For many years, China has maintained a pre-eminent position as a leading manufacturing country.
However, with the onset of the current pandemic coupled with rising US/China trade tensions, many companies are actively evaluating their options to move their Chinese operations to new locations. Many governments worldwide are also making a push for seizing this business, India’s “Make in India” campaign being one example.
As they move their manufacturing from China, companies are considering countries such as India, Vietnam and Indonesia, which have large production capabilities. However, India, Indonesia and Vietnam have some risks of their own, including the fact that their ports do not have the same volume handling capacity as China’s.
Companies are also leaving China due to China’s poor environmental record. China is the world’s largest contributor to carbon emissions (around 28% in total) even though the government has recently introduced and amended environmental protection laws. China has even banned importing waste and plans to go beyond this by increasing the standards on impurity levels. Non-compliance can cause businesses large administrative penalties, including administrative detention, imprisonment and even criminal penalties. Certain violations might even result in suspension of business. The arbitrary nature of the Chinese court system, however, makes this legislation, which would otherwise be a welcome change, create additional future risk for companies operating from China.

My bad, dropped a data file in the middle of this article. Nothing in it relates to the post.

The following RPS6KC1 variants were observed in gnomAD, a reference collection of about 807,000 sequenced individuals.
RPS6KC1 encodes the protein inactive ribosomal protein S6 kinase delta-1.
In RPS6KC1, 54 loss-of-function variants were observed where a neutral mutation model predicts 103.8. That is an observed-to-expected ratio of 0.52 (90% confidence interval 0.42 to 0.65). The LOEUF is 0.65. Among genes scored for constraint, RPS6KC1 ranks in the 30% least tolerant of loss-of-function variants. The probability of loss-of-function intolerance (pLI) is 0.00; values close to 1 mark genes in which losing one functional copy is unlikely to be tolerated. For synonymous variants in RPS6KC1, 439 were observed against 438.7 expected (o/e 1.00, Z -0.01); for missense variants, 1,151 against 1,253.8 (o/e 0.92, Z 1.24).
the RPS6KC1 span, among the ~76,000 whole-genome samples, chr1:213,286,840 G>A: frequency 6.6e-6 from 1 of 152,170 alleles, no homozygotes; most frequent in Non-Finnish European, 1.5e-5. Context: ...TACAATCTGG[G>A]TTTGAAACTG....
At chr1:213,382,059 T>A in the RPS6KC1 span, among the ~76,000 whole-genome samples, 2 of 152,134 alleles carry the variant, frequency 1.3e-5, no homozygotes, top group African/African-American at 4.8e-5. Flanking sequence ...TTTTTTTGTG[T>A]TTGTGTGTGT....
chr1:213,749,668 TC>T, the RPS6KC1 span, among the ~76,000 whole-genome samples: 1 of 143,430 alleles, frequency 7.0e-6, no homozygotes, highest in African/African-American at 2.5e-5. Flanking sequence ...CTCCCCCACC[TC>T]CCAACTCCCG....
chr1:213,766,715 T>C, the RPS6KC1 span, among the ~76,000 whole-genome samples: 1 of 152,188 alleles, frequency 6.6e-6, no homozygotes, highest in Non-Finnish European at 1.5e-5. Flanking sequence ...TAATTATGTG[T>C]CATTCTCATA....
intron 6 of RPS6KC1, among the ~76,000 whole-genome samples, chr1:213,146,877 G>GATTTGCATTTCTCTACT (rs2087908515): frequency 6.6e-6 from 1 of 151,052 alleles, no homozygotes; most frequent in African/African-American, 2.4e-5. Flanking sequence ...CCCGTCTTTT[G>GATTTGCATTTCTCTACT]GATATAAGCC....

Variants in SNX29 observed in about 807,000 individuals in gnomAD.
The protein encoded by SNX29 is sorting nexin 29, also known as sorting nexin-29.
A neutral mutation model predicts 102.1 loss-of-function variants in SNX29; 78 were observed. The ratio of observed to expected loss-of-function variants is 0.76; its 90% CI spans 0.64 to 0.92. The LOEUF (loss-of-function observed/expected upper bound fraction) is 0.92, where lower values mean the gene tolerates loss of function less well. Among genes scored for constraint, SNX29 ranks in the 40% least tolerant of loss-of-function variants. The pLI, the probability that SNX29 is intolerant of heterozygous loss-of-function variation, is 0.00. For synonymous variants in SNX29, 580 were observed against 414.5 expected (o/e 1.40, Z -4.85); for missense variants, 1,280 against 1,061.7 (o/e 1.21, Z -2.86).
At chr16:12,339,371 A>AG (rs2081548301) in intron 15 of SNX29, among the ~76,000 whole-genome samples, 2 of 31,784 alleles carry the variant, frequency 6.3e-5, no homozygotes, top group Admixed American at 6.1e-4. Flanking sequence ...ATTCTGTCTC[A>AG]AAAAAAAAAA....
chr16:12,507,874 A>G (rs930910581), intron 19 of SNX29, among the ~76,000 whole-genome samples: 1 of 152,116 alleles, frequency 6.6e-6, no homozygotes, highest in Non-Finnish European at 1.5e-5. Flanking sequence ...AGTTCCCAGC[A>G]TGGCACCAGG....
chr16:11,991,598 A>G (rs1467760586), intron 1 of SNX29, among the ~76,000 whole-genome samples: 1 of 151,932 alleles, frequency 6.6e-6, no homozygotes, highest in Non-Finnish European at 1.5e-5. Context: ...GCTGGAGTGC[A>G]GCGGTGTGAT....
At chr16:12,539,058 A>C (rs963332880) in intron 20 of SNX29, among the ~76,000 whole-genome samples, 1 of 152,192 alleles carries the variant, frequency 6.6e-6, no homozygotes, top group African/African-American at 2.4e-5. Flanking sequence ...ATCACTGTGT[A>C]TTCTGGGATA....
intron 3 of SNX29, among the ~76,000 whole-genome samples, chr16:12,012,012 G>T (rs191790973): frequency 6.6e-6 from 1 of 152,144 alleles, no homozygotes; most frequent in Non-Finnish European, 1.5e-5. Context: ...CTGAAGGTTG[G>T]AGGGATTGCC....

Ports are a critical component to manufacturing success, since once the goods are made, they need to be delivered to customers. Did you know that Shanghai tops the top 50 World Container Ports list while Tanjung Priok, Jakarta, Indonesia is 22nd, Ho Chi Minh City port, Vietnam is ranked 26 and JNPT (Jawaharlal Nehru Port in Navi Mumbai) in India is ranked 28? Even if Indonesia does not have ports as advanced as those of China, it still has better port handling capacity than most Asian countries. The government of Indonesia has also reduced handling costs at ports, which was once a concern and further plans to reduce the logistics costs. Vietnam has a great deal of port capacity, with 44 main ports and 470-500 million tons’ annual capacity. However, Vietnam is lacking big ship infrastructure since 80% of its cargo moves through smaller ports and regional gateways. India has a significant capacity for handling around 1451 million tons’ annually (which is expected to grow to 2500 million tons by 2025); it also has 12 major ports handling 60 % of its total cargo traffic.
In terms of manufacturing costs, China is now only about 4% cheaper on average compared to the US, according to The Diplomat and Seller Labs. This is because average manufacturing wage rates in China have increased greatly in the last couple of years. As a result, many companies such as those manufacturing shoes, apparel, electronics, etc. are moving from China to countries such as Thailand, Malaysia, Vietnam, Taiwan or India where blue collar wage rates are lower based on information provided by The Diplomat and The Business Standard.